In the current issue of leading journal Science, an international team of researchers calls for a shift toward the dynamic, process-led restoration where nature takes much more care of itself. They present a science-based framework for rewilding as an effective way of helping degraded ecosystems regenerate and sustain themselves.
The removal of the Sindi Dam and other barriers along Estonia’s Pärnu River will mean more than 3000 kilometres of waterway can flow unrestricted once again. By allowing salmon and other fish species to migrate naturally, this will breathe new life into the river basin and local economies. Estonia’s pioneering efforts will be showcased during a Dam Removal Europe seminar on May 22 and 23, 2019.
When it comes to changing people’s ways of thinking, building public support, creating positive attitudes and engaging with stakeholders, powerful communications is essential. During the latest webinar of the European Rewilding Network (ERN) two members gave insightful presentations on communications best practice.
Representing the first ever translocation of Konik horses into the Danube Delta, the shipment of 23 animals travelled by road from Latvia to the Ukrainian village of Orlovka. By helping to create and maintain mosaic landscapes, their grazing will help to boost biodiversity in the Danube Delta rewilding area.
The number of griffon vulture pairs in the Rhodope Mountains rewilding area in Bulgaria has now reached 95, paying testament to the efforts of the local rewilding team and partners. With the number of griffons in the Bulgarian and Greek sections of the Rhodope Mountains now totalling over 100 pairs, this magnificent yet locally endangered species continues its gradual reestablishment in the Balkans.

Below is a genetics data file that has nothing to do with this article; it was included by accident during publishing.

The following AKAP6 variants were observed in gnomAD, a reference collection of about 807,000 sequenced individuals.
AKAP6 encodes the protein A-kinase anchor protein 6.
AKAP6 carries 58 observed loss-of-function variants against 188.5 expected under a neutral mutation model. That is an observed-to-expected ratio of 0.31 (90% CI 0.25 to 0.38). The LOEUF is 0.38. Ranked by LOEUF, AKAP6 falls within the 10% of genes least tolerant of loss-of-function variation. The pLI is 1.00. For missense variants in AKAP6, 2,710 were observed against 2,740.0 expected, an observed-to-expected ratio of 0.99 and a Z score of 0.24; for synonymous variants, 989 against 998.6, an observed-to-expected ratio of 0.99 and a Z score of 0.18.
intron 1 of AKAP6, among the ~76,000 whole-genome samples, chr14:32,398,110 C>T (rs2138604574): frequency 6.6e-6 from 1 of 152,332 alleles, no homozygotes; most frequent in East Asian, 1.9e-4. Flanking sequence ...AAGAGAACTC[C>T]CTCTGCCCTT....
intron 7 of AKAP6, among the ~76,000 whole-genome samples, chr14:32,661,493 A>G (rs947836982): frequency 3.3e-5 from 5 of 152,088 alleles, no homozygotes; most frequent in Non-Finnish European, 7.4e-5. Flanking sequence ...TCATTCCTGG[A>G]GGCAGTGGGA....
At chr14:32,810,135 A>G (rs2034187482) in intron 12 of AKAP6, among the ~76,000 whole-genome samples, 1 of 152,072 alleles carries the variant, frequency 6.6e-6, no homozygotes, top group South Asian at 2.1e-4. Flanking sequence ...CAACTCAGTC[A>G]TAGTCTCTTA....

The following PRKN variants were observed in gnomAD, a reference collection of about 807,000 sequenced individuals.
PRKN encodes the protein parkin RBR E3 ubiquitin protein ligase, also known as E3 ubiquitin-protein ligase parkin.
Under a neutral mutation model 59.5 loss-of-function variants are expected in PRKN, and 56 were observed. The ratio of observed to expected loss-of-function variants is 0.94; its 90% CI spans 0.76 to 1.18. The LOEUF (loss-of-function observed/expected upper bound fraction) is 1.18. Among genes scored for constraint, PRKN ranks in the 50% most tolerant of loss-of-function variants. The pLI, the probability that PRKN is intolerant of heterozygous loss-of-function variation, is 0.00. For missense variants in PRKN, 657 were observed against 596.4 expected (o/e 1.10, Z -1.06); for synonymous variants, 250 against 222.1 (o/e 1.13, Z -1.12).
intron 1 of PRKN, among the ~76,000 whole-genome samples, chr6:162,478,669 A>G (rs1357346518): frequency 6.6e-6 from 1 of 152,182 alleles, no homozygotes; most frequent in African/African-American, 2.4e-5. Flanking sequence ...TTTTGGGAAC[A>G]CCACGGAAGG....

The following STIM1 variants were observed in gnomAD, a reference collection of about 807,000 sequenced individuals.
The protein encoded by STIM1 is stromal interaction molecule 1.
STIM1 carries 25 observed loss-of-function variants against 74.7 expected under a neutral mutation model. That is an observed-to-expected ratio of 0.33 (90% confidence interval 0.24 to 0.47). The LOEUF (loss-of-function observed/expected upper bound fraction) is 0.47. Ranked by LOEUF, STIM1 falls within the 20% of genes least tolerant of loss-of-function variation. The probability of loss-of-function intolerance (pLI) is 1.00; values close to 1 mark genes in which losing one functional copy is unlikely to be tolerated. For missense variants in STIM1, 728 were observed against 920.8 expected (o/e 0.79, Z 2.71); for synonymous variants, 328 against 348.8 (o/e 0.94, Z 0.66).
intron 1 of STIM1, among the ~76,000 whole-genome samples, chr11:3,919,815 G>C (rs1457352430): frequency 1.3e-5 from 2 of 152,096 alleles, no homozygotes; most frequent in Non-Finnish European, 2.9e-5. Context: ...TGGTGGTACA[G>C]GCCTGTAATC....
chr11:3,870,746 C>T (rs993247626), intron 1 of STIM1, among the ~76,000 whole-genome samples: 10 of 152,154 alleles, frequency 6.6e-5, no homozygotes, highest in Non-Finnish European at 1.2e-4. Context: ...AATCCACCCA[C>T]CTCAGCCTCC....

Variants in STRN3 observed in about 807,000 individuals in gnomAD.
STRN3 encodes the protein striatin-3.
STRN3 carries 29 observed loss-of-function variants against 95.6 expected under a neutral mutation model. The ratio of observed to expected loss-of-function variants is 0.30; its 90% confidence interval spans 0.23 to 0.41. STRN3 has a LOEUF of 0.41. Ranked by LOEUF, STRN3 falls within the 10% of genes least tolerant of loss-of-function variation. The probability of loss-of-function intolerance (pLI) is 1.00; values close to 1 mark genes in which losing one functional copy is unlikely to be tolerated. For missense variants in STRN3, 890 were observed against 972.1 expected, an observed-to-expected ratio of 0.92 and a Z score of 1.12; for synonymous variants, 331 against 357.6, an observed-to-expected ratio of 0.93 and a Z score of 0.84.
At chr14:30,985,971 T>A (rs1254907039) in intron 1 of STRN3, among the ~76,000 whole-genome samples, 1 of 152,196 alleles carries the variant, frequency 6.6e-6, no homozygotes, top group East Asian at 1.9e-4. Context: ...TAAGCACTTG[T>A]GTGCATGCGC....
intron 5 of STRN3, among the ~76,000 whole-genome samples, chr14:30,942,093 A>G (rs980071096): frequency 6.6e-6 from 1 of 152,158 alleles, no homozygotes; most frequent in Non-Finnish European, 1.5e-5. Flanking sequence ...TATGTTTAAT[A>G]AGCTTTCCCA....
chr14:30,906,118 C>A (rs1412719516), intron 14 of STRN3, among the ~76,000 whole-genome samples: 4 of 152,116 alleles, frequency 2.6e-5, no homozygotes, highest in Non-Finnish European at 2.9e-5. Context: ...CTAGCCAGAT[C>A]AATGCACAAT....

Calling Central and Eastern European rewilders! Rewilding Europe seeks an early career professional to join its Supervisory Board
As an exciting and innovative approach to conservation, rewilding increasingly inspires and resonates with younger generations, with a growing number of millennials now looking to engage with the rewilding movement. Rewilding Europe is now offering a unique opportunity for a dynamic and visionary rewilding enthusiast in the early stages of their professional career (under the age of 30) to join its Supervisory Board.
The campaign, conducted as part of the Dam Removal Europe (DRE) initiative, saw nearly 20,000 euros contributed by Dutch donors. This will fund the removal of 10 obsolete dams from the Kogilnik River in the Ukrainian part of the Danube Delta. The dismantling programme, which is set to begin this summer, will bring significant and wide-ranging benefits to local people and wild nature.
As part of the LIFE Vultures project, experts from across Europe gathered in Dadia National Park recently to discuss the poisoning of vultures by veterinary drugs such as diclofenac. Their discussions will hopefully enable better decision-making in vulture conservation efforts going forwards, and boost efforts to increase black and griffon vulture populations in the Balkans.
Held in the Gelderse Poort area of the Netherlands – an early showcase of European rewilding involving natural grazing – the three-day meeting sees GrazeLIFE project partners come together for the first time. Coordinated by Rewilding Europe, the three-year project will hopefully lead to increased EU legislative support for more natural grazing systems.
Rewilding Europe is delighted to welcome the BioRestore project to the European Rewilding Network (ERN). The addition of this innovative French project, which focuses on the restoration of marine fish populations, takes the number of pan-European network members to 68 (including Rewilding Europe’s eight operational areas).